Simon Walker of the Institute of Directors yesterday probed the Government’s new industrial strategy. “Will [it] involve reskilling those who make bulk steel, so that they can move to sophisticated high tech products where Britain retains a competitive edge?” he said. “Or will Britain simply block steel imports from China and pour funds into subsidising uncompetitive plants as a method of retaining jobs? At first glance, his question is a narrow one. At a second one, it has wider implications. It asks not only what one particular policy will be but what much of Brexit will look like.
Most debate about the future of Brexit at present concentrates on whether it will be Hard or Soft. If by Soft is meant membership of the single market, with no control over immigration other than a debatable emergency brake, the matter looks to be already settled, despite the Government’s pretence that it is not. There will be some flexible control on EU migration to reduce numbers, probably at the low-skill end. This form of control is very hard indeed, if not impossible, to square with single market membership. The Government is likely to go for sectoral deals in some form. Whether it gets them or not is beside our point – which is that membership of the single market or EEA membership or membership of the customs union look wide of the Government’s plans.
What is clearly not settled at all is the post-Brexit future of the economy as politicians try to shape it – tax rates, regulatory policy, public spending, trade policy, the shape of immigration control. There are two broad options.
The first is what might be called Open Britain. Its starting point would be that our economy needs to be as open as possible if it is to flourish after Brexit. Business taxes would be slashed. So would regulation – including much of that social and employment law that Conservatives for so long itched to get back from Brussels. We would become a kind of Panama for money from overseas. Trade deals would be framed simply to get the best deal possible for exporters; those steel imports from China, say, would flow into Britain. All this sounds like a Thatcherite vision for our economy, but it does not necessarily imply a passive state. Government could be active in the sense of going for big infrastructure decisions more determinedly than has usually been the case. More runways would be tacked on to Heathrow and Gatwick; airports outside the south-east would be expanded. Migration would be relatively high.
London and the South-East would be likely to gain most from such a strategy, at least in the short-term. The losers from imports and high immigration would mostly be concentrated elsewhere – in the Leave-voting North and Midlands among the “ordinary working people” who plumped for Brexit.
Which leads us to the second option. It begins with the conviction that government cannot let down these voters, without whom Leave’s referendum victory would not have happened. Social and employment law would be preserved in aspic. Migration would be low. Trade deals would not be signed if they would let those steel imports come pouring in – which suggests that few would be signed at all. Public services policy would stress more spending rather than reform. Taxes would in consequence be higher than they would otherwise have been. Investment from abroad would be seen through a national security lens only. This would be a Closed Britain. It is difficult to square this vision of the future with the vigorous construction of new airports or nuclear power stations. We would be more likely to put such decisions off and opt for lower growth.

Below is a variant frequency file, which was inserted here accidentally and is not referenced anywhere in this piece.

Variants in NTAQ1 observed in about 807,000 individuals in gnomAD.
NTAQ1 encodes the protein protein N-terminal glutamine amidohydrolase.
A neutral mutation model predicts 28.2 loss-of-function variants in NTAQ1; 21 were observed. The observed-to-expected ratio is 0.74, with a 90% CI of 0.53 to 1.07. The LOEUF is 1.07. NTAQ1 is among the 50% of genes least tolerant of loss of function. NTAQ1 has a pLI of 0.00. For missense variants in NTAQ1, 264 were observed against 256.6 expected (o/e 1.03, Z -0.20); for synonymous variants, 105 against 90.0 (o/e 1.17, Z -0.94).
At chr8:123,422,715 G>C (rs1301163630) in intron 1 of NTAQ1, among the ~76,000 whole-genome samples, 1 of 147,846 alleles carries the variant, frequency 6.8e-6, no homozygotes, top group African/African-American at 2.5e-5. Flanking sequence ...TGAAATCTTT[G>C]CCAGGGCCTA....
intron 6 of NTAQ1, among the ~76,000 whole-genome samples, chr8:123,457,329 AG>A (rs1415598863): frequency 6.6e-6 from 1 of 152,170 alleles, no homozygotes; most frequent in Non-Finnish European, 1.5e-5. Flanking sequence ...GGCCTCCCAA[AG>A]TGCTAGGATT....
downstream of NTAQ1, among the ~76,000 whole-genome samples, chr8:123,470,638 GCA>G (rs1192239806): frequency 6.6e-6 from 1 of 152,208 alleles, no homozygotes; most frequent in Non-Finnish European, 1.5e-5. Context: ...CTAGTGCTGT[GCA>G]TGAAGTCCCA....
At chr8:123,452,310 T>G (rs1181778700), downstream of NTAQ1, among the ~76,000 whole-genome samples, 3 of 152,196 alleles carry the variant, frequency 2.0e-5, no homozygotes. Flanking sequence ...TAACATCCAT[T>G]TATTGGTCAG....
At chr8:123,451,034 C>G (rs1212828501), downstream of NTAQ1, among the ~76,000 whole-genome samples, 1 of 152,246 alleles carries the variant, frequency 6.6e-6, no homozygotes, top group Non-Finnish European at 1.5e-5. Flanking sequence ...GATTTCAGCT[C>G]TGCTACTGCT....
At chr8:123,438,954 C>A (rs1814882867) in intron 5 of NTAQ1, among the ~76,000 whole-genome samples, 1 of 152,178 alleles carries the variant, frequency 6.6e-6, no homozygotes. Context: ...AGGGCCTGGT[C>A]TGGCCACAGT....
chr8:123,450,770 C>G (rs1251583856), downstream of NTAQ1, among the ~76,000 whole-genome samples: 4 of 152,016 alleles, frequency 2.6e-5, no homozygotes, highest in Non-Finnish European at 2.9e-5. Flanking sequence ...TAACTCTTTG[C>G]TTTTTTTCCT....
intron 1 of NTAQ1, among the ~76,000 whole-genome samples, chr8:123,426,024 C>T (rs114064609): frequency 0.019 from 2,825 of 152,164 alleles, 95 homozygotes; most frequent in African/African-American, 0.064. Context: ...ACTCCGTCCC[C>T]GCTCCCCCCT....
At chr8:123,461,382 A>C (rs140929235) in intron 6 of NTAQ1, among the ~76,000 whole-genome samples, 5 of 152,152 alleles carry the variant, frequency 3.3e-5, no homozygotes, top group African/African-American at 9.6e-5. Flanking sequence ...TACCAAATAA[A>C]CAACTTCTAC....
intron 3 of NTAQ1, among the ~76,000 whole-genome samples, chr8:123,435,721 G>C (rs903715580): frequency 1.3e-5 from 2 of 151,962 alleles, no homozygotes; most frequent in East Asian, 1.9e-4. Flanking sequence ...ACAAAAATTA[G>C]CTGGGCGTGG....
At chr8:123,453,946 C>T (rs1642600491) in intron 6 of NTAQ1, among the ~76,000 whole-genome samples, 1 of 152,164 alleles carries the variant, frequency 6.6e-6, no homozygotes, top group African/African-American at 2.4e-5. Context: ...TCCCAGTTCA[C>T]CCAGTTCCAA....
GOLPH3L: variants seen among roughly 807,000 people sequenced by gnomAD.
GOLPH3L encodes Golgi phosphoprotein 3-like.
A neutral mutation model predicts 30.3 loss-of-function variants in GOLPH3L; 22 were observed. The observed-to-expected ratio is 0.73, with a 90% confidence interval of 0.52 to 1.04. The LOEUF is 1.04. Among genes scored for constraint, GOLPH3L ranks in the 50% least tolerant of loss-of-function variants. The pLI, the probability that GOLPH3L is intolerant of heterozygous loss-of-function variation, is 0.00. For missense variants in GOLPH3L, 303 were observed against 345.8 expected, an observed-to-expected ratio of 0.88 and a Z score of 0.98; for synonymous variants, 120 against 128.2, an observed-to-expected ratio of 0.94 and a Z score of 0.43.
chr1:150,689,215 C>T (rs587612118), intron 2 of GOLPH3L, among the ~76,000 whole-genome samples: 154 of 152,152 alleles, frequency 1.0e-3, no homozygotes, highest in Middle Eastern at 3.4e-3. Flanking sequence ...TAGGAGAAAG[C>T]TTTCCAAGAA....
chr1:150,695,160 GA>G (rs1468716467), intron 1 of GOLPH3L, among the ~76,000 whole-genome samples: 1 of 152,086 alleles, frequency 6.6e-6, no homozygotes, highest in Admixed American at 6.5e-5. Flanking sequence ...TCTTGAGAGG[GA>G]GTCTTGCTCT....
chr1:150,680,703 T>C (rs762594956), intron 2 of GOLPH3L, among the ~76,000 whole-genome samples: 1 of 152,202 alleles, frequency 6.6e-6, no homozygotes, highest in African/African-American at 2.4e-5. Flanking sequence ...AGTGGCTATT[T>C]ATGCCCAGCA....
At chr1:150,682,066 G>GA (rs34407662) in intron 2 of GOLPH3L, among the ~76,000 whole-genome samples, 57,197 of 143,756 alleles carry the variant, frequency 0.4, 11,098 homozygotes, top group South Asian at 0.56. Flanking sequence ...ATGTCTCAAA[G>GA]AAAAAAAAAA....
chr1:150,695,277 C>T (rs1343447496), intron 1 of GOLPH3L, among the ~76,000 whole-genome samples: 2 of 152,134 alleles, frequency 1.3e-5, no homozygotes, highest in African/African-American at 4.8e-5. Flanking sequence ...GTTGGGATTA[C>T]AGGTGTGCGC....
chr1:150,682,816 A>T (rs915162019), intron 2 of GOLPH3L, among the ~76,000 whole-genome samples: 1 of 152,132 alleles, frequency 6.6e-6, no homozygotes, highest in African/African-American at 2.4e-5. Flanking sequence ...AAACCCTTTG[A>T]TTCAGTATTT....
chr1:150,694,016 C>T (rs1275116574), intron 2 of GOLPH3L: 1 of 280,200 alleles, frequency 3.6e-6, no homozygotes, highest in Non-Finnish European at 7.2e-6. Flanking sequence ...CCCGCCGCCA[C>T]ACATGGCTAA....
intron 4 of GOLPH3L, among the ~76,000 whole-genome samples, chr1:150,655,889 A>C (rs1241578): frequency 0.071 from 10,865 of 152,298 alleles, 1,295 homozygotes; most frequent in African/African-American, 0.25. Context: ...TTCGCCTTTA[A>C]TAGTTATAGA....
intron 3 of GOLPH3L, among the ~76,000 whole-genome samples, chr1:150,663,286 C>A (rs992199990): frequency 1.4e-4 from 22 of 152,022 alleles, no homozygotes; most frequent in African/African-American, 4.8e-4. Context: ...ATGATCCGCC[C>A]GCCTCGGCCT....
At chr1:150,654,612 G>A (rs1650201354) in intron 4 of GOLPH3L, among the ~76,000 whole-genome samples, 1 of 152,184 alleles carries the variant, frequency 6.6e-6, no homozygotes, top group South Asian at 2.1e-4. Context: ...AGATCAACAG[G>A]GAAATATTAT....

What we are most likely to get, the world being as it is, is a mix of the two. But readers will have spotted the snag with the second. It is ultimately unsustainable – and, in political terms, not consistent with where the Conservative Party has pitched its tent in modern times. This suggests a limit to the degree to which, even in the post-Farage absence of a well-organised UKIP, Theresa May’s party can make progress among those Leave voters in the industrial Midlands and north who might now be willing to give it a second look. The debate is not academic. When the Government paused over a Hinkley Point decision; when it waved through SoftBank’s takeover of Arms; when Philip Hammond raised questions in Cabinet committee about the industrial strategy – all these were signs that it is already raging.
We wrote last weekend that the implications of Brexit have not sunk in for most voters. Indeed, they could scarcely do so, given their sweep and scale. But one of the central decisions in post-referendum British politics is precisely what sort of post-Brexit economy we want – and, therefore, what sort of post-Brexit society we want. Only a few months ago, government and business were more likely to be discussing what sort of European Union we want. How much has changed in so short a time.